If the body was on a smooth surface, any net force applied horizontally on the body would accelerate the body horizontally. However, on a rough surface, the body will only accelerate if the horizontal force applied to it has magnitude greater than the frictional force between the body and the surface. In this video, we will label this frictional force ππ. This frictional force acts in the opposite direction to the applied force π.

In this video, we will consider problems where the body is on the point of moving and, as such, the frictional force will be at its maximum. At this stage, the body will still be in equilibrium. And when we resolve horizontally, the applied force π will be equal to the frictional force ππ. The maximum frictional force is also called the limiting friction. And this limiting friction ππ between a body at rest and the surface it rests on satisfies the formula ππ is equal to ππ. And since π, the normal reaction force, is equal to ππ, the frictional force ππ is equal to πππ.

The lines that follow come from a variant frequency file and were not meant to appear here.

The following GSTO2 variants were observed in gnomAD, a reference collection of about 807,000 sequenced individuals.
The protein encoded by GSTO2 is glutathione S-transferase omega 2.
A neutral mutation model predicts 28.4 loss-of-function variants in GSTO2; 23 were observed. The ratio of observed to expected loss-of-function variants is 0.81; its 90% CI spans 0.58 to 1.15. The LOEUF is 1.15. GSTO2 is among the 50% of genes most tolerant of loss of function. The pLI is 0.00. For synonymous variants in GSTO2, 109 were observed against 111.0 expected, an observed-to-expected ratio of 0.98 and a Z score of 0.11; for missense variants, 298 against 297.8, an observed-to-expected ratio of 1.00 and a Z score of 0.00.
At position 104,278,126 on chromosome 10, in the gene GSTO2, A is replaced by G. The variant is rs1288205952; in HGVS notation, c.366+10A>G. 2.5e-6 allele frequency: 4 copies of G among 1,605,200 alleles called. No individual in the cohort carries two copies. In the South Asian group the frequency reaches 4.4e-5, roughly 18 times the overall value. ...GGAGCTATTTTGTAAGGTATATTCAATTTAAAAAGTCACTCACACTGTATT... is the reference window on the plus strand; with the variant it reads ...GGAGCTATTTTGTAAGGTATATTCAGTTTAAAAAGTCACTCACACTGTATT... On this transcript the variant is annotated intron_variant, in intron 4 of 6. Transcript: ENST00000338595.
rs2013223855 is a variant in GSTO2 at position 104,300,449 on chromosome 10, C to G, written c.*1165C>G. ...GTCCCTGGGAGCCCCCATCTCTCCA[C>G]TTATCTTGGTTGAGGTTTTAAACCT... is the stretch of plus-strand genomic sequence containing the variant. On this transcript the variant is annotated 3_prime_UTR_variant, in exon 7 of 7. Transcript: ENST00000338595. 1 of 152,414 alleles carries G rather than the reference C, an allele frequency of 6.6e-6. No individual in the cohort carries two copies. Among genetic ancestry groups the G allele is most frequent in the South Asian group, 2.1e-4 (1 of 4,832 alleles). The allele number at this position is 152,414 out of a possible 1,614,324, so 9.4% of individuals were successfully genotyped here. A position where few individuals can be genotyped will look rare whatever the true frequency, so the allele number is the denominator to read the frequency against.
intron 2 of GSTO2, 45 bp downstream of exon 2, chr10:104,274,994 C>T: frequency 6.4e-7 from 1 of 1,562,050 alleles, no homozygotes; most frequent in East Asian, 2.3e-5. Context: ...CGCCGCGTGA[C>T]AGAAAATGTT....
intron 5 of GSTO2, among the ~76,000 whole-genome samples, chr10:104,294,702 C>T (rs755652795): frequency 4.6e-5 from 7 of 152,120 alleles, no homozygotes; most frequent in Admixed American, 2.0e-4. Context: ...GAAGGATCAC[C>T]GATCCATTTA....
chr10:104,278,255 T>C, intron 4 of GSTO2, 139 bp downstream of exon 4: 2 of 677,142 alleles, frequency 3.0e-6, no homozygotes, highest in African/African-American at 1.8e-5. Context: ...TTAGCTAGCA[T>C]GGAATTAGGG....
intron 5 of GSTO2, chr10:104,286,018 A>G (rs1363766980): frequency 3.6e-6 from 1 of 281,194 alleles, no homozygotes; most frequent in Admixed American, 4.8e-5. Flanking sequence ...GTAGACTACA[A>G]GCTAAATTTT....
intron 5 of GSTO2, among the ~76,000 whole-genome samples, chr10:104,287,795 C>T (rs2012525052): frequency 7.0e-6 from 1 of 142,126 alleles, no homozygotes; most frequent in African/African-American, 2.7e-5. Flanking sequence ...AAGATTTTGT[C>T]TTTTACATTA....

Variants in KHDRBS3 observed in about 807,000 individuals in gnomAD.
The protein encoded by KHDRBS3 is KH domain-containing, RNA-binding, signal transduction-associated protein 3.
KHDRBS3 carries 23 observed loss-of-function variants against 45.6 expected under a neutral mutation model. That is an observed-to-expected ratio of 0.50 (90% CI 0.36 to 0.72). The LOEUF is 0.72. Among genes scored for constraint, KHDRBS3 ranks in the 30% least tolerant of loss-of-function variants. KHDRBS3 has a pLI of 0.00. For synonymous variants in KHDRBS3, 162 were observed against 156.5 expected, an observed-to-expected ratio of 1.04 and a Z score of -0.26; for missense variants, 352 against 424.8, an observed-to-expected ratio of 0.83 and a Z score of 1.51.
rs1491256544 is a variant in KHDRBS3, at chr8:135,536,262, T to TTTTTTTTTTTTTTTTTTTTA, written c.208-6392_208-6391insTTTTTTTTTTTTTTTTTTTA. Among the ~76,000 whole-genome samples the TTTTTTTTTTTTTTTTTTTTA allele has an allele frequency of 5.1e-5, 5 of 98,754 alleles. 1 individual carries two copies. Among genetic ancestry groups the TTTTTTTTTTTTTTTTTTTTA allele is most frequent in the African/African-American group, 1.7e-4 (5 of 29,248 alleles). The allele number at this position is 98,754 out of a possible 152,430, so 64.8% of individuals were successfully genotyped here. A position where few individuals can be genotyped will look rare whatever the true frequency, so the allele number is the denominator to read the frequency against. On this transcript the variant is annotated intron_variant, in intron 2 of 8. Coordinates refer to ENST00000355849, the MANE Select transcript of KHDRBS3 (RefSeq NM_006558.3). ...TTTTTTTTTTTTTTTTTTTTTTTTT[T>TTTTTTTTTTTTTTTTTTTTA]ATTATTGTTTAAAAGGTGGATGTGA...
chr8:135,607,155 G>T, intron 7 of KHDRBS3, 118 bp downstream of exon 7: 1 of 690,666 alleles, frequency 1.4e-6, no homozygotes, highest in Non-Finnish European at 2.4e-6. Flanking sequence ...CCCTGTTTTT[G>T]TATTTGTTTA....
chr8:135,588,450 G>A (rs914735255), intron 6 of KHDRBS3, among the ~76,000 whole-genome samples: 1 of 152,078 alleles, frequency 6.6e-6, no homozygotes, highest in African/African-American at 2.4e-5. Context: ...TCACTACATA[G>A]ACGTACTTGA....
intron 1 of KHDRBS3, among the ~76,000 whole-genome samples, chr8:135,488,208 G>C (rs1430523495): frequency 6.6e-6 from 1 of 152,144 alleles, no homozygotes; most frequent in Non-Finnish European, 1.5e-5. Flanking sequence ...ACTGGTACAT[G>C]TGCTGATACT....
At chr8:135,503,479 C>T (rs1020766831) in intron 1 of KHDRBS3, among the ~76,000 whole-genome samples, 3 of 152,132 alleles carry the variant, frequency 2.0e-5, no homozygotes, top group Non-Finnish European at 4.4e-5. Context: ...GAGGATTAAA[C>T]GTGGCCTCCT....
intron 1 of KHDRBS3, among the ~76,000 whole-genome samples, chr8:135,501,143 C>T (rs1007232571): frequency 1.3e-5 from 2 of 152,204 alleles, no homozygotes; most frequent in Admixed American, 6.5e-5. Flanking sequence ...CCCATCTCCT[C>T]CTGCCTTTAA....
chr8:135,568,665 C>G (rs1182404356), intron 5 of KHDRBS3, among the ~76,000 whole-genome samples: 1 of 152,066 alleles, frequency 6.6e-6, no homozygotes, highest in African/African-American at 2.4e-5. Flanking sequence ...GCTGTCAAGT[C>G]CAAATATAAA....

We will now look at an example where the maximum applied force on a body that remains in equilibrium is to be determined.

A body weighing 25.5 newtons rests on a rough horizontal plane. A horizontal force acts on the body, causing it to be on the point of moving. Given that the coefficient of friction between the body and the plane is three seventeenths, determine the magnitude of the force.